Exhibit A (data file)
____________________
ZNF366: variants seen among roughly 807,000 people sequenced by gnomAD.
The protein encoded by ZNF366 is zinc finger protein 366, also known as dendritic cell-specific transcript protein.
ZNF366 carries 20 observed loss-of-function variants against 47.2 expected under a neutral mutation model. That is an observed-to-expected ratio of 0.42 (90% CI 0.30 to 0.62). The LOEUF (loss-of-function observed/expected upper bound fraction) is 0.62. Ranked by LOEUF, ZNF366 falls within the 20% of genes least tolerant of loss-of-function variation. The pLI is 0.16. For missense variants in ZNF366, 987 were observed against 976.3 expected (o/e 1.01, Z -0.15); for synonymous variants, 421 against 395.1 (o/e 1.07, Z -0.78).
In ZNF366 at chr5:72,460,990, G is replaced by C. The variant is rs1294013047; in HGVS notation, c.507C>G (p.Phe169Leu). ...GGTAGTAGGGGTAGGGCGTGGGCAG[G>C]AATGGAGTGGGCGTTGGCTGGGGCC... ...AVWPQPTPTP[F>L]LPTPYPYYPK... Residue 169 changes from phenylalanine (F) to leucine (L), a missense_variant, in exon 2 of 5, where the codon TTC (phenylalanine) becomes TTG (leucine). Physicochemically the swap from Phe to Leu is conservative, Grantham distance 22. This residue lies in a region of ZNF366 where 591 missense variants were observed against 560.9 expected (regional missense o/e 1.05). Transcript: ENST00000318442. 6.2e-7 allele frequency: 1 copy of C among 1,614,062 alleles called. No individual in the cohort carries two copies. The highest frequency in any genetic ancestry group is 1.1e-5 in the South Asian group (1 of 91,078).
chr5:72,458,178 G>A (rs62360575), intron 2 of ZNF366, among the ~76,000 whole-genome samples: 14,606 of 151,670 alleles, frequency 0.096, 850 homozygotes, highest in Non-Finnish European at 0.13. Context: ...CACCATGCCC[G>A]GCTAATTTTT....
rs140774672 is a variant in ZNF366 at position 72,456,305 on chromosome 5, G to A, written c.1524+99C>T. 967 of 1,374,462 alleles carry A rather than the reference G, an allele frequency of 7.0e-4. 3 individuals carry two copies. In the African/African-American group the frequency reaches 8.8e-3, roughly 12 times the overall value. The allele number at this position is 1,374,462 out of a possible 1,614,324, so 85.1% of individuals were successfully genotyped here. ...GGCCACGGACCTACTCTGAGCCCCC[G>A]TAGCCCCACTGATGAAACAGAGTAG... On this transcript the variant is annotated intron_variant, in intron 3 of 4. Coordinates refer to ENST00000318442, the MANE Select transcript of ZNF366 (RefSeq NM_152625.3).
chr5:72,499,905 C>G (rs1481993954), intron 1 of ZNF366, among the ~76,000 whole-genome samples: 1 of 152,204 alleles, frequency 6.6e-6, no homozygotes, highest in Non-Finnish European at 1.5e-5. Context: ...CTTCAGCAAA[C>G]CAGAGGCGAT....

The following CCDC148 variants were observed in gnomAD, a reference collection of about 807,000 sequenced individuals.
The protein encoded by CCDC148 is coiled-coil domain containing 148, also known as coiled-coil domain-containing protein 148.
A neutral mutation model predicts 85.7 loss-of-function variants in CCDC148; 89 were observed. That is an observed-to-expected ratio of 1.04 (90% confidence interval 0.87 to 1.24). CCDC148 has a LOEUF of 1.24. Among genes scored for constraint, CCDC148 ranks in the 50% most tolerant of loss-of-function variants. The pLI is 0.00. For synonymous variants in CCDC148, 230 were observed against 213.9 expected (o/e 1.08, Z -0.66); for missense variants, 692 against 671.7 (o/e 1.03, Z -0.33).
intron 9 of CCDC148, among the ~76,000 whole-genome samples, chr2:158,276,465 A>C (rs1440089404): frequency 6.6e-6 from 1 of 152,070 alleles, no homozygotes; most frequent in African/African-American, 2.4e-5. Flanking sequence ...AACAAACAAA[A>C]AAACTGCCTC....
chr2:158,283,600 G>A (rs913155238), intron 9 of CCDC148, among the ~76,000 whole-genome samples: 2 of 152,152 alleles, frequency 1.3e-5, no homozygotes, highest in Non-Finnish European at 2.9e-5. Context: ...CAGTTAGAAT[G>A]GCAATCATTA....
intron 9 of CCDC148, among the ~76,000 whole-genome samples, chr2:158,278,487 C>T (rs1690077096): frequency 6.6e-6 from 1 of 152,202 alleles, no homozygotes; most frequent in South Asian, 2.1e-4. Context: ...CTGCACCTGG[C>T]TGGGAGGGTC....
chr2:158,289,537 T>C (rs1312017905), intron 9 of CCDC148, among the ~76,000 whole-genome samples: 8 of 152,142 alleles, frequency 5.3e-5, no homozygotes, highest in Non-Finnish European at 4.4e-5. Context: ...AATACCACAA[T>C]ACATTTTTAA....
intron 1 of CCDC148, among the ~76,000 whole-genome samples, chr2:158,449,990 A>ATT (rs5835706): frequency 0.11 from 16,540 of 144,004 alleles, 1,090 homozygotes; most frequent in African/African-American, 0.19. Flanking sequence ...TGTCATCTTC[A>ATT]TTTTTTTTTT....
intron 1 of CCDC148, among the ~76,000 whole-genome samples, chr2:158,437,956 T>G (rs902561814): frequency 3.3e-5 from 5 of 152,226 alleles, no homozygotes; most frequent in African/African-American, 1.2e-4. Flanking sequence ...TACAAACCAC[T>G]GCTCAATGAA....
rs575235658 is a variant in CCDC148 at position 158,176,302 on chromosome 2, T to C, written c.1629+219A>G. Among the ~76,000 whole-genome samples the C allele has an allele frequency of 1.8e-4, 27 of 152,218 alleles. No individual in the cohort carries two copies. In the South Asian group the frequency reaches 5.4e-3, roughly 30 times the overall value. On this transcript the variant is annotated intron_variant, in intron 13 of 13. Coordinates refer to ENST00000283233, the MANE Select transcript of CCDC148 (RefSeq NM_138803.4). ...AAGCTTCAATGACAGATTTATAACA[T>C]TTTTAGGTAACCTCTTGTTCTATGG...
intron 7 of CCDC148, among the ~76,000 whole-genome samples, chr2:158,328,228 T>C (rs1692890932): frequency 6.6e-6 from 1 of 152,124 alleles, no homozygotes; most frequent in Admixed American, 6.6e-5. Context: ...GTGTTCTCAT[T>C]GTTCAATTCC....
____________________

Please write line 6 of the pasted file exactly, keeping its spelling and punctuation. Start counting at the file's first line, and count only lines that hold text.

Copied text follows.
rs140774672 is a variant in ZNF366 at position 72,456,305 on chromosome 5, G to A, written c.1524+99C>T. 967 of 1,374,462 alleles carry A rather than the reference G, an allele frequency of 7.0e-4. 3 individuals carry two copies. In the African/African-American group the frequency reaches 8.8e-3, roughly 12 times the overall value. The allele number at this position is 1,374,462 out of a possible 1,614,324, so 85.1% of individuals were successfully genotyped here. ...GGCCACGGACCTACTCTGAGCCCCC[G>A]TAGCCCCACTGATGAAACAGAGTAG... On this transcript the variant is annotated intron_variant, in intron 3 of 4. Coordinates refer to ENST00000318442, the MANE Select transcript of ZNF366 (RefSeq NM_152625.3).